So, being only about 6 months behind the times, the SAE released their combo plug standard about a week before Daytona happened. With the Japanese CHAdeMO standard gaining popularity with the, Tesla doing their own thing and the J1772 AC charging stations looking inadequate in comparison, people were having a hard time understanding why the SAE was being so stuborn as to insist they needed their won standard. Chelsea Sexton took a shot at the SAE (and everyone else kind of) in a piece for one of the major tech sites. It looked like the SAE was just being silly arrogant Americans standing in the way of progress. But it actually seems they really did have a better idea.
Before I go to deep lets review the differences between AC and DC charging. AC chargers are actually nothing but fancy electrical sockets and rely on on-board chargers. the problem with on-board chargers are that they are small. Most Leafs only come with 3.kW chargers, only now to have a 6kw chargers as on option for the new cars. An Empluse has a 3kW charger, and the Zeros are up to almost 2kW. The Ford Focus electric was supposed to have come with a 6kW charger from last I knew, and the Tesla come with a 10kW and you have the option adding a second for 20kW on onboard charging power. Most J1772 charging stations are good for 9kW, and the beefier ones even more. It’s a bit of a waste really, especially when pretty much all of the batteries in EVs now a days can take up to a 1C charge. In other words if you could put a 9kW charge on an Empulse you could charge it in an hour at just about every J1772 station out there. But that charger would be HUGE, and there’s just no room. The AC chargering stations are handy, and with a car as big as a Tesla, a minimum. The on-board chargers will not get smaller, so what do we do?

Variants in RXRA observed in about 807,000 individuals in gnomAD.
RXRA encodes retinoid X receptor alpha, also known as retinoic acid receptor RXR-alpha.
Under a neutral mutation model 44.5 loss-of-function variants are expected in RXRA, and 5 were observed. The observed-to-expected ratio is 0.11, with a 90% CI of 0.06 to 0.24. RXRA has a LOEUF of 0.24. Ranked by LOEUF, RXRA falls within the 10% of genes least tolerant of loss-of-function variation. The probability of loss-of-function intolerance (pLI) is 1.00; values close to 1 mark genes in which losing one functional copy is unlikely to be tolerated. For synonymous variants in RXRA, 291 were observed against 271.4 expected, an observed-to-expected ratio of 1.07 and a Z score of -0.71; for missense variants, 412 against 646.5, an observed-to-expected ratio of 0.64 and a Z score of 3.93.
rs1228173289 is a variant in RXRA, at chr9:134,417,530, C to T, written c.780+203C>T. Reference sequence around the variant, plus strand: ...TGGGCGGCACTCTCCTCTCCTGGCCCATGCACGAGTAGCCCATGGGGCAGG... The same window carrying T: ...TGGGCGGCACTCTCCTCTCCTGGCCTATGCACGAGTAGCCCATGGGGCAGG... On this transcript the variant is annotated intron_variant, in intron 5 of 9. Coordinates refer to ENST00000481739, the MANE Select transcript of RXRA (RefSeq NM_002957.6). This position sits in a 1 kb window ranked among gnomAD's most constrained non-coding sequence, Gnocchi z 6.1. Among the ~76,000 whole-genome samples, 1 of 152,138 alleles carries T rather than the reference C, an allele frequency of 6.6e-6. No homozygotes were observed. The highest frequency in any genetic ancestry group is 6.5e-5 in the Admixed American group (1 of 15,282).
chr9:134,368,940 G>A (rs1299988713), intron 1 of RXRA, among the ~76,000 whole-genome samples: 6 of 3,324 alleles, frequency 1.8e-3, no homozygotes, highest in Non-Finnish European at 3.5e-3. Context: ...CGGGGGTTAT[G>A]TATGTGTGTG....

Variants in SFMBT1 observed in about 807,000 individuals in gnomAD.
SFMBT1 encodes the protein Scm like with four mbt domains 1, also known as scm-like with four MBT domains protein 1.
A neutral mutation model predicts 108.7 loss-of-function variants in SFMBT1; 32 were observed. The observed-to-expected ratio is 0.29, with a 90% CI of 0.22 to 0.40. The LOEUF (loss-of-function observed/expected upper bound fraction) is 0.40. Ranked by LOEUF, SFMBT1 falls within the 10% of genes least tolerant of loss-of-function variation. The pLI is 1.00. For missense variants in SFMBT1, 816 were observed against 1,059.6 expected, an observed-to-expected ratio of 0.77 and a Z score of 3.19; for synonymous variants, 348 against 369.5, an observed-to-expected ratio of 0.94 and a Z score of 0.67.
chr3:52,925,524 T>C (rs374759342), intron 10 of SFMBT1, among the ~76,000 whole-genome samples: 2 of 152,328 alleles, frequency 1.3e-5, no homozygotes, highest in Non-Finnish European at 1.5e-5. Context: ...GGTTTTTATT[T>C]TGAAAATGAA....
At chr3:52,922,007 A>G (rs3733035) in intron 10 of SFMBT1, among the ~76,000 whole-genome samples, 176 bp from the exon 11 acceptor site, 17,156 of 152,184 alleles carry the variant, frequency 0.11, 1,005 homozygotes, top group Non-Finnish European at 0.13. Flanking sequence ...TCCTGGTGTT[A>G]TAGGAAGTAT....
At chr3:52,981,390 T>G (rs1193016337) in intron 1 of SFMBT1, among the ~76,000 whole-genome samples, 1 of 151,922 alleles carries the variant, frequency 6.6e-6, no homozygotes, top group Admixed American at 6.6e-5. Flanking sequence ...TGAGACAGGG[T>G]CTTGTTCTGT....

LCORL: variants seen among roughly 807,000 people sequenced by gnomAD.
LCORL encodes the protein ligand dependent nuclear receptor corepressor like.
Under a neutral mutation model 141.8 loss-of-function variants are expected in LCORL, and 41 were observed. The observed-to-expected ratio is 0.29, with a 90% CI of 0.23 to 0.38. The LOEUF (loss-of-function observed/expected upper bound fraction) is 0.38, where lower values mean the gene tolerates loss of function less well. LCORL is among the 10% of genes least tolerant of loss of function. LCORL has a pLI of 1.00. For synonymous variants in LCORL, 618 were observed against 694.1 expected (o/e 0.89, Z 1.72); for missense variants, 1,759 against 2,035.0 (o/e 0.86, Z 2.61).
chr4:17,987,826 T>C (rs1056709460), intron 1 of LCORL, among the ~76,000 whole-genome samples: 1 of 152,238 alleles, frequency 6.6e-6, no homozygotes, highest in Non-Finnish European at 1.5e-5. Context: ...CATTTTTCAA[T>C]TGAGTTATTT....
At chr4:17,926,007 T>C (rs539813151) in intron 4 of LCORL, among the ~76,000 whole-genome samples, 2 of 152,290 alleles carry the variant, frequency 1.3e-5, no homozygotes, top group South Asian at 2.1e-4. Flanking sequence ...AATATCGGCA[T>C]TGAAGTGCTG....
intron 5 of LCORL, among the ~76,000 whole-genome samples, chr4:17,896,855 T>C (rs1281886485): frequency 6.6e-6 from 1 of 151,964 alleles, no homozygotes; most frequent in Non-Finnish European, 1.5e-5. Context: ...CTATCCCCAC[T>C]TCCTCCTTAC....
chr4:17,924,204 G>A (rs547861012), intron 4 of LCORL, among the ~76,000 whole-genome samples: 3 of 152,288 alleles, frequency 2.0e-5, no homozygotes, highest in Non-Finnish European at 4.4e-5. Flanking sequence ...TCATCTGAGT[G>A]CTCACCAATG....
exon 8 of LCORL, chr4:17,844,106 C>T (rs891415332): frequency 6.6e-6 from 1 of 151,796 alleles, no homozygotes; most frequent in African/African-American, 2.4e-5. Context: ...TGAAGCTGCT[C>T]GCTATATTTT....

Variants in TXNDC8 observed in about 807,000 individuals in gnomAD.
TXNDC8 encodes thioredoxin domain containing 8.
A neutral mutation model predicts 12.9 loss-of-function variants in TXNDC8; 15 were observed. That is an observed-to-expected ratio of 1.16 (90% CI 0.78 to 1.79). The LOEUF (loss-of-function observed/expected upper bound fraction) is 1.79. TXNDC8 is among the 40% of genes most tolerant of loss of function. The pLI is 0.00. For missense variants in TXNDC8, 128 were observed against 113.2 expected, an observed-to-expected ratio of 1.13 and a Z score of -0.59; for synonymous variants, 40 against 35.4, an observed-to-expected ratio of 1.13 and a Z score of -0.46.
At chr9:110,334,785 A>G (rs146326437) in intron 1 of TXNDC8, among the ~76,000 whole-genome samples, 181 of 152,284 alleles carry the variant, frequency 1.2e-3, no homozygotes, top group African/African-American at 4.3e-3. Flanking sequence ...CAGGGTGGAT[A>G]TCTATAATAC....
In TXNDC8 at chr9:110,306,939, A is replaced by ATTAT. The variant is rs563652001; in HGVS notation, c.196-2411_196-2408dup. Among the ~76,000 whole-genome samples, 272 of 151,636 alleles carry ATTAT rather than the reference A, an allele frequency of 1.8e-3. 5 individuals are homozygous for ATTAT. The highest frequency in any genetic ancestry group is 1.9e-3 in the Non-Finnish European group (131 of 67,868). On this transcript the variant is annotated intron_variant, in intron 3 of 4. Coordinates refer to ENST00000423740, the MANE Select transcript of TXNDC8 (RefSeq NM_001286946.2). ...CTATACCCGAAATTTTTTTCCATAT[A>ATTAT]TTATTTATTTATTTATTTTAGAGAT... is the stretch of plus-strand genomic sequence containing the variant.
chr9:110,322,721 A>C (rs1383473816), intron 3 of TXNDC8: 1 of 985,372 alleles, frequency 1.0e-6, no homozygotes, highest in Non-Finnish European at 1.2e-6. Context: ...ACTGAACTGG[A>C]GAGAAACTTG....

Well we go DC charging. (more…)